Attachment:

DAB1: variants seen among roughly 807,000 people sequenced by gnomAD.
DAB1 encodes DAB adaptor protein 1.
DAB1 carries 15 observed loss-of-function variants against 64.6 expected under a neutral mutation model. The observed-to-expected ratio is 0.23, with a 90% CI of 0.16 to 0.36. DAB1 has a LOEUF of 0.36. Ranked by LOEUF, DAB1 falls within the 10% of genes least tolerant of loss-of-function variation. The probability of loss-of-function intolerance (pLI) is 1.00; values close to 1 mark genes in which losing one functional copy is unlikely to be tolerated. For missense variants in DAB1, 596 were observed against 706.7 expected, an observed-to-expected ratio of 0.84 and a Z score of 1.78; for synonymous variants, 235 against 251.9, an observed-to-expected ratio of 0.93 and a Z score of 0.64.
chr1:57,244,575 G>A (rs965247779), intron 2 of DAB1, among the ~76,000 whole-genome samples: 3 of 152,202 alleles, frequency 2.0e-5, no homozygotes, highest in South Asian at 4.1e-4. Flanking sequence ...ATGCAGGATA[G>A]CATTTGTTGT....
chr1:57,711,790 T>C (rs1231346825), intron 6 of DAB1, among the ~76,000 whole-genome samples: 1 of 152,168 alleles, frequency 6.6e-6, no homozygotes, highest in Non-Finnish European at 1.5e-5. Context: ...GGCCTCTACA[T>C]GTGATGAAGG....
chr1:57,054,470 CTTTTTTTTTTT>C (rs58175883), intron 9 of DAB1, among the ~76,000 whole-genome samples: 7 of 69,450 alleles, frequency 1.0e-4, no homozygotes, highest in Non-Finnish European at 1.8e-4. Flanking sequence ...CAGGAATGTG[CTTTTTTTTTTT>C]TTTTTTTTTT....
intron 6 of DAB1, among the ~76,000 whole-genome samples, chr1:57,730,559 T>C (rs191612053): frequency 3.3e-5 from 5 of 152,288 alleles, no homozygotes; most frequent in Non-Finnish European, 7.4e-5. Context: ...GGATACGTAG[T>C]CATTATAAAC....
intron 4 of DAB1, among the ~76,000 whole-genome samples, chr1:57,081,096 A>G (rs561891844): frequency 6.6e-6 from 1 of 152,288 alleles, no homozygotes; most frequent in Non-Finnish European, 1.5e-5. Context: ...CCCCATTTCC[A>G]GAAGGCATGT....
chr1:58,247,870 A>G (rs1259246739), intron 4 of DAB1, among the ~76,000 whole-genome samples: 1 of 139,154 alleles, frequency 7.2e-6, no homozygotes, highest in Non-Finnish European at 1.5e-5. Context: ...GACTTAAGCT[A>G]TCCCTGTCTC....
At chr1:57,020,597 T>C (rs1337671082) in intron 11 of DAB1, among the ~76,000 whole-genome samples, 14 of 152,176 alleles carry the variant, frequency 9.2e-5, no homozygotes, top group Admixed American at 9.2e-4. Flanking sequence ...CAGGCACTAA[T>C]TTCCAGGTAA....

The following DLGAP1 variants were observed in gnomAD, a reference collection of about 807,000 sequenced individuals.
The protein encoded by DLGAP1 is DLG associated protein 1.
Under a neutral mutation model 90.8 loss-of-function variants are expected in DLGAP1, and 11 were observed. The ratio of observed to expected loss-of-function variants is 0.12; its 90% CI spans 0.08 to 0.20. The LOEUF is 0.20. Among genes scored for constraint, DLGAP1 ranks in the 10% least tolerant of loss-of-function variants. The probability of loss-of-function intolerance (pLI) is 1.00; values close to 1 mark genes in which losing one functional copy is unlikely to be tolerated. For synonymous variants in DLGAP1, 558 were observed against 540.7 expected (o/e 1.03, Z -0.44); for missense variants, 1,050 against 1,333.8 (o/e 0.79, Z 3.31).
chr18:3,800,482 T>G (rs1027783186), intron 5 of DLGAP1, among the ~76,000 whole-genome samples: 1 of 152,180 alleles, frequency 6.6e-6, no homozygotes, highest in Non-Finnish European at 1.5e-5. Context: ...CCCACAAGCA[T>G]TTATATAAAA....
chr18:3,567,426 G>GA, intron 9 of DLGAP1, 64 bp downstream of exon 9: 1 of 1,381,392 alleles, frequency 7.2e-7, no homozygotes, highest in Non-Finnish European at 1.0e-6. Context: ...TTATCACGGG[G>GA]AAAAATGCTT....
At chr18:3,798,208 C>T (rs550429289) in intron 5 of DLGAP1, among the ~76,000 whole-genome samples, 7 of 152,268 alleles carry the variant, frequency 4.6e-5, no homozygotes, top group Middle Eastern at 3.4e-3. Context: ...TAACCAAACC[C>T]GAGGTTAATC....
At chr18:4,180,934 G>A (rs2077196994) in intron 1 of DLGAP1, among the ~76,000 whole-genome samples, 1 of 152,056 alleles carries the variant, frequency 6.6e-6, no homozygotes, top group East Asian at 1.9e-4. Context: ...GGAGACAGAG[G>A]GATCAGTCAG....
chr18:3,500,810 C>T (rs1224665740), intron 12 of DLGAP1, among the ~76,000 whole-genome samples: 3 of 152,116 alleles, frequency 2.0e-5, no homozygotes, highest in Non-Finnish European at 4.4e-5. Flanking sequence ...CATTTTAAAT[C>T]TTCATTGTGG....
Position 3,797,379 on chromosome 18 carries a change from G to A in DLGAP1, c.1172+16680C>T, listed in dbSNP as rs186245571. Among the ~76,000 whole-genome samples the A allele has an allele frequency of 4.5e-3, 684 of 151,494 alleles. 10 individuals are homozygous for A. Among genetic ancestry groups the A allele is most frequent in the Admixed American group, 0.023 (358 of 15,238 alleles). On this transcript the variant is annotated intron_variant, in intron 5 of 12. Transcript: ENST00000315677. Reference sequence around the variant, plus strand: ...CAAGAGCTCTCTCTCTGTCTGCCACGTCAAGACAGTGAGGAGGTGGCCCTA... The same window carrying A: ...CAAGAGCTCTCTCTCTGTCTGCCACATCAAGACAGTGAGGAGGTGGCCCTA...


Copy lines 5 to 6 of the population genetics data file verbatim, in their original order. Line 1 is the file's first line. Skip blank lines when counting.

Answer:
chr1:57,711,790 T>C (rs1231346825), intron 6 of DAB1, among the ~76,000 whole-genome samples: 1 of 152,168 alleles, frequency 6.6e-6, no homozygotes, highest in Non-Finnish European at 1.5e-5. Context: ...GGCCTCTACA[T>C]GTGATGAAGG....
chr1:57,054,470 CTTTTTTTTTTT>C (rs58175883), intron 9 of DAB1, among the ~76,000 whole-genome samples: 7 of 69,450 alleles, frequency 1.0e-4, no homozygotes, highest in Non-Finnish European at 1.8e-4. Flanking sequence ...CAGGAATGTG[CTTTTTTTTTTT>C]TTTTTTTTTT....